Make sure your boat is fully to spec and meets the requirements of the race and it’s a good idea to book a berth if you can for post race activities. This probably needs to be done months before.

Round the Island Race Tips

  • This year, make sure you get an early night and set a couple of alarms - it’s an early one!
  • Make sure to affix all necessary decals the day before and race / sponsor flags.
  • Listen for broadcasts on VHF CH22. Make sure you have registered your mobile phone as per the race instructions and keep it fully charged and on board at all times
  • Make sure you empty all your water tanks. Running with less fuel is also a good idea (but, of course, you will need some!)
  • Carry enough bottled water and non-alcoholic drinks on board for you and your crew. It can be a long, hard day!
  • Carry food. Maintaining concentration for 8 - 12 hours can be hard, especially when hungry. I tend to enjoy a bacon sandwich after we’ve got the kite up and are on our way to St Catherine’s Point! If you are all going to be too busy for a bacon butty (what sort of madness is this I hear you ask) then snacky, high calorie foods for energy are useful.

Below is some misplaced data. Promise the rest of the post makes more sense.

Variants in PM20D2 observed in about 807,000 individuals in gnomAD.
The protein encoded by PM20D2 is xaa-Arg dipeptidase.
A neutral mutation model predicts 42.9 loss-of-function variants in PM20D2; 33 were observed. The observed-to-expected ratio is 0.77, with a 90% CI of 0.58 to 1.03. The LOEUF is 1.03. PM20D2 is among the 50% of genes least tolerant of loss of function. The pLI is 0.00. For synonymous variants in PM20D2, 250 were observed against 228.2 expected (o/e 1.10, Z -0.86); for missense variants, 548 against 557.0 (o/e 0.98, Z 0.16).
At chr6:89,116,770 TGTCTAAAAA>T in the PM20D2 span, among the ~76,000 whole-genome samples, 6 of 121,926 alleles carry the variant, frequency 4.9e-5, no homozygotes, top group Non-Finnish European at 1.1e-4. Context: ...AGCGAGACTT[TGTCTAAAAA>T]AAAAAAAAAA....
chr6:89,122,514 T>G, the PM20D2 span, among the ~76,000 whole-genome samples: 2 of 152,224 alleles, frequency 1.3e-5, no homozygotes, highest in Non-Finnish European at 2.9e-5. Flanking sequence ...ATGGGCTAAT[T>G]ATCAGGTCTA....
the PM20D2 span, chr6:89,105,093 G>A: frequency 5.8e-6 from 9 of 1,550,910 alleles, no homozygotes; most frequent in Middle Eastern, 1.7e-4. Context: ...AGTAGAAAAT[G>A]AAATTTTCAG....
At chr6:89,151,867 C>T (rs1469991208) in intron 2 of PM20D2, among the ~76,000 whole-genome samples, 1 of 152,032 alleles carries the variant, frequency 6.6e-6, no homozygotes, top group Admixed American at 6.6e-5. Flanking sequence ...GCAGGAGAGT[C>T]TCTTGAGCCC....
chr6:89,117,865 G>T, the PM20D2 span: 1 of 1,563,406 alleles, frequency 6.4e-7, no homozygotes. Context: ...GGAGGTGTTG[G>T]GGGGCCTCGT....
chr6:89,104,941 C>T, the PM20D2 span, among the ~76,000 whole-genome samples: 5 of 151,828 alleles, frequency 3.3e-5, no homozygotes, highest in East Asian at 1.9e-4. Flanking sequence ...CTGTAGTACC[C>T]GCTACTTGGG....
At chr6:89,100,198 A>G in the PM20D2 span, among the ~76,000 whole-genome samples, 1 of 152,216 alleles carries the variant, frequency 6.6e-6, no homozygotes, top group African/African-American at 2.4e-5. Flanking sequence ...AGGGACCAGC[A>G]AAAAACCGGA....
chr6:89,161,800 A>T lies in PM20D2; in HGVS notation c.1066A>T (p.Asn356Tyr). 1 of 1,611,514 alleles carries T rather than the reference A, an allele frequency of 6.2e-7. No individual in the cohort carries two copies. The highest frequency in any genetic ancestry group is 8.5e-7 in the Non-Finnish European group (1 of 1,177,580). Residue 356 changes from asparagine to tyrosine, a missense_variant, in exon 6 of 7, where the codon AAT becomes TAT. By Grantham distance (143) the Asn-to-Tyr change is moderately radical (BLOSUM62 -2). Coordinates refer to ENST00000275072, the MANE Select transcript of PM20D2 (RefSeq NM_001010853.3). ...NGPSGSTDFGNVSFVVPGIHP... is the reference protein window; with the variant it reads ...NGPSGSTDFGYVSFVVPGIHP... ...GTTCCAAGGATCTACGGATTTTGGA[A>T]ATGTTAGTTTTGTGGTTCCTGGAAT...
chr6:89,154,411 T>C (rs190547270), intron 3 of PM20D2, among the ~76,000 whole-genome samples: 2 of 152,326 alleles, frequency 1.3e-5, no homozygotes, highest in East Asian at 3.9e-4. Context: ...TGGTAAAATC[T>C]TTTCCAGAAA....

• Stay clear of the start line until your 10 minute gun and until then stay in one of the holding / waiting areas.
  • Have a trusted mainsheet trimmer and bowman. The former will keep you out of trouble in the gusts and the latter will be a pair of eyes watching out under your head sail on the start.
  • Make sure you understand where the hazards are on course and avoid them! This is sometimes easier said than done when you are amongst a matched fleet bunching around the Needles Lighthouse. The Varvassi Wreck has caught out some of the best, so be careful! The general consensus is that a safe rounding can be made if you keep the old coastguard station above the level of the top of the lighthouse in transit. Ryde Sands have also caught out many a sailor.You can also check out Peter Bruce’s book on Solent Hazards here.